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The Devil Wears Prada: "We want to make an album that will mean something in fifteen years"

The Devil Wears Prada: "We want to make an album that will mean something in fifteen years"
Kane Hibberd

The Devil Wear's Prada (due this Sunday, November 24, at Cervantes' Masterpiece Ballroom) first came together in 2005. Formed in Dayton, Ohio, by members who came up in the local hardcore scene, the act is a Christian band, but it has never traded on that aspect of the band with any overt, ham-fisted musical content. This year, the band released its most sonically adventurous album yet, 8:18, which is considerably darker.

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In advance of the act's show this weekend, we spoke with Jeremy DePoyster about the band's hardcore origins, how it never really tried to fit into the world of Christian music and why 8:18 is the band's darkest record.

Westword: The name of your band is kind of statement against materialism. Why was that an important issue to you at the time you gave yourselves that name?

Jeremy DePoyter: We're a Christian band, so obviously that kind of mentality comes with the territory. The older we get, that falls into not necessarily just anti-materialism but making sure your values are in the right place. We're also a relatively liberal band, so whether that's Christian or not, I think everyone could do with putting more emphasis on more important things than material possessions, money, heroes, idols and that sort of thing.

What got you more into playing heavier music with a groove?

Probably just where I grew up and the time I grew up, and I was into bands like Slipknot and Korn. Then I fell into Slayer and other metal and a bunch of other Goth type stuff. I was always interested in alternative music and heavier rock and roll. That was what attracted me to other people into the same sort of thing. Andy Trick and I have been friends since the eighth or ninth grade, and we met the other guys playing in other local bands. We've been doing it for eight years now. We're into all kinds of other music, too, but it's what we like to do.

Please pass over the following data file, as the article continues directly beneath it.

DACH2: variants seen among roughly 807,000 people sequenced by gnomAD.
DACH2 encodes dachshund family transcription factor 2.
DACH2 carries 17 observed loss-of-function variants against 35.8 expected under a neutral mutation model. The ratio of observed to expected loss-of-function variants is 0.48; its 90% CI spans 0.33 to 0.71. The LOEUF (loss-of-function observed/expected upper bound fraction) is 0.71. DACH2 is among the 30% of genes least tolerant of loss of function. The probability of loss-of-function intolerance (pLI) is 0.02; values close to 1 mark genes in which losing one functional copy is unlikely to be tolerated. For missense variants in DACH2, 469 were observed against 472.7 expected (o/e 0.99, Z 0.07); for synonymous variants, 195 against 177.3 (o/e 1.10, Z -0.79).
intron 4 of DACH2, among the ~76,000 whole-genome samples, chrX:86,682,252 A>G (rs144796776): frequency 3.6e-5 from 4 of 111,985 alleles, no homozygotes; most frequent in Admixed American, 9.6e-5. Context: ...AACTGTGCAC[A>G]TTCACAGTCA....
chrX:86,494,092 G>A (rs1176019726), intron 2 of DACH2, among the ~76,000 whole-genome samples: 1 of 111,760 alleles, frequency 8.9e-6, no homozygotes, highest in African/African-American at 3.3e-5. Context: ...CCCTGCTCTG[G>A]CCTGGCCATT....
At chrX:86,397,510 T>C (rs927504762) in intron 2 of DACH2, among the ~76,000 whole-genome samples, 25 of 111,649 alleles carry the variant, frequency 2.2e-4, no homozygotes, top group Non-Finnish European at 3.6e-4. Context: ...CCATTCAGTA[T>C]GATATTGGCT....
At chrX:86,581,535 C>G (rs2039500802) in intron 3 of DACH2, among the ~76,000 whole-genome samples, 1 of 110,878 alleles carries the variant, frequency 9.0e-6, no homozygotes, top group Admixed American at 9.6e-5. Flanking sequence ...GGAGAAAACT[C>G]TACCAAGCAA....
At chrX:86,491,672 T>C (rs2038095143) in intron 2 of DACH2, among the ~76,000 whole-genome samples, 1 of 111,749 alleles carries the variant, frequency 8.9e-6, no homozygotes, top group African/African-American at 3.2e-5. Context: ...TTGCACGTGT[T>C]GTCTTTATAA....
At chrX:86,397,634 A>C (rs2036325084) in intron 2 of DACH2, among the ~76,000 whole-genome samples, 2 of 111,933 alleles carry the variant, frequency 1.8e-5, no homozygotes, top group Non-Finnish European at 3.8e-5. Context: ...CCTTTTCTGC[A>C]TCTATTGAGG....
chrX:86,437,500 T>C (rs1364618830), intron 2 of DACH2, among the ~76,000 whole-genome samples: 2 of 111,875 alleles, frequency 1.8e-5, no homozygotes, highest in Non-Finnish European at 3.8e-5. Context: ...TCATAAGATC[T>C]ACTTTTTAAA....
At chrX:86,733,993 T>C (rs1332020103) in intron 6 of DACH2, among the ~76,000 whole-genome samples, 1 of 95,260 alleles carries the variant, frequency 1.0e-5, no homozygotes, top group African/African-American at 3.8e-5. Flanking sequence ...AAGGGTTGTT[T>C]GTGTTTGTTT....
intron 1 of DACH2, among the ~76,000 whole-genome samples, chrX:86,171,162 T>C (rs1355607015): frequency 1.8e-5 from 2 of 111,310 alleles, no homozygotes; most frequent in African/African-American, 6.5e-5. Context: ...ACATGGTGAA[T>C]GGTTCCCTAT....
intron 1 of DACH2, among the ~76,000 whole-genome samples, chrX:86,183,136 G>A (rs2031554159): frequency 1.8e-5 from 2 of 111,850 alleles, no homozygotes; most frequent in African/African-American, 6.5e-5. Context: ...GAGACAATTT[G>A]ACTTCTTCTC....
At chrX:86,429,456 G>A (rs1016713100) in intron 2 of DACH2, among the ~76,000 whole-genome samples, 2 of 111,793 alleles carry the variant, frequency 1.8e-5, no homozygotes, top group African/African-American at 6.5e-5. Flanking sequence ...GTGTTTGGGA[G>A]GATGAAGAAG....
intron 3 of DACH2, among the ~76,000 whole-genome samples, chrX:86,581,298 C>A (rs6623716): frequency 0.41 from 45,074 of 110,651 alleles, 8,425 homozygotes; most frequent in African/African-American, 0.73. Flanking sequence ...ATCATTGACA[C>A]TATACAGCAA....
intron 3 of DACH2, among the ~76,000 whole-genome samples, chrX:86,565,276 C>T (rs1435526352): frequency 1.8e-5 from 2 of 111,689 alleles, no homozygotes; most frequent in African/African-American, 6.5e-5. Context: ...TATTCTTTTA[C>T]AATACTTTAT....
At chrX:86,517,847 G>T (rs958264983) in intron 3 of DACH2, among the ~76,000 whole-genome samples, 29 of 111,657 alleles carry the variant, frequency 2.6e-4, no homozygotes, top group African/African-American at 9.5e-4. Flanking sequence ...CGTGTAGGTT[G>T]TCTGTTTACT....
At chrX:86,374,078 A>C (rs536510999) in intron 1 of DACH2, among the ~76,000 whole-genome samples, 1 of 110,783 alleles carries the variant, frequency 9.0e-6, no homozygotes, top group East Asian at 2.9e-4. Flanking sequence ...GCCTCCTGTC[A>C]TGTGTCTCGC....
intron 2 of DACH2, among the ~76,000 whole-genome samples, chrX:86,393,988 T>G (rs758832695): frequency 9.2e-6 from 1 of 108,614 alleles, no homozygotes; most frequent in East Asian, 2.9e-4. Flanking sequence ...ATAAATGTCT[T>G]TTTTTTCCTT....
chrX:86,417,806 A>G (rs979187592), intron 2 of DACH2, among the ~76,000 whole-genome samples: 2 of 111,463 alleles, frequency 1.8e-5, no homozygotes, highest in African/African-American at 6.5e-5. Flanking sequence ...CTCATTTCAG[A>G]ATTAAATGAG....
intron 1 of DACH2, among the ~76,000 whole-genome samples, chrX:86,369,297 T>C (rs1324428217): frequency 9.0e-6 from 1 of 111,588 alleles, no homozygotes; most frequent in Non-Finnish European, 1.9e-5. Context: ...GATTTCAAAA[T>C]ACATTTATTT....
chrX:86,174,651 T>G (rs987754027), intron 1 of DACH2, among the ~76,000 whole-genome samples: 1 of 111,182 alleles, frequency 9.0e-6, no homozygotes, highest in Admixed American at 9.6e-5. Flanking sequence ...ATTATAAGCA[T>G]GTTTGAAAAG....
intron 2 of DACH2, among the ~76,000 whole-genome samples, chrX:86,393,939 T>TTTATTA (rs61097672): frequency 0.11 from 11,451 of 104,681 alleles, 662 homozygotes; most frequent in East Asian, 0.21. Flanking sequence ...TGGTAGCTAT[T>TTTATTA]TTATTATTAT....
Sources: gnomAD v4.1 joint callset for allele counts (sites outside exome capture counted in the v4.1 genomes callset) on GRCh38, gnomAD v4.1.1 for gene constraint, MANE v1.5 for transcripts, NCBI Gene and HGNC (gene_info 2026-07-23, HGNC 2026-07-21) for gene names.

What kind of Goth stuff were you into?

Bauhaus, Siouxsie & The Banshees, Southern Death Cult, before they were the Cult, and stuff like that. Other brooding young men clad in black.

As a rhythm guitarist, have you been playing with the band the whole time, as you are also one of the main vocalists?

Yeah, I've played guitar with the band the whole time. I sang in a couple of other bands previous to this, but I always played guitar. I grew up around it because my father and grandfather played. At first, we were looking for another guitar player, but I said I would do it. Our other guitarist, Chris Rubey, taught me how to play the metal stylings and things of which I had no idea. I still don't. I just use a lot of delay and phasers every now and then and fudge my way through. I am more intrigued by cool melodies and textures and cool songs, chord structures and sounds than I am in intricate metal proficiencies.

In Dayton, Ohio, what kind of opportunities did you have to play live and develop your band early on?

It was good. There was a massive hardcore scene out of Cincinatti, a couple hours south of us, at the time. So we kind of grew up in that atmosphere and going to small little shows and had that kind of music to be a part of us. So when we were starting out, that was a big influence on us. It was cool. We had a lot of opportunity because of that to learn how to be a band without having to do it on a massive scale.

We were playing to twenty or thirty people max at these small places all around Michigan, Indiana, Ohio and Indiana. It was nice that we got to do those sorts of shows and sketch everything out without having to have a huge spotlight on us. There was a place called the High Five in Columbus, and we probably played every VFW hall everywhere in the region. We play Bogart's now but we never dreamed we'd get to play there then.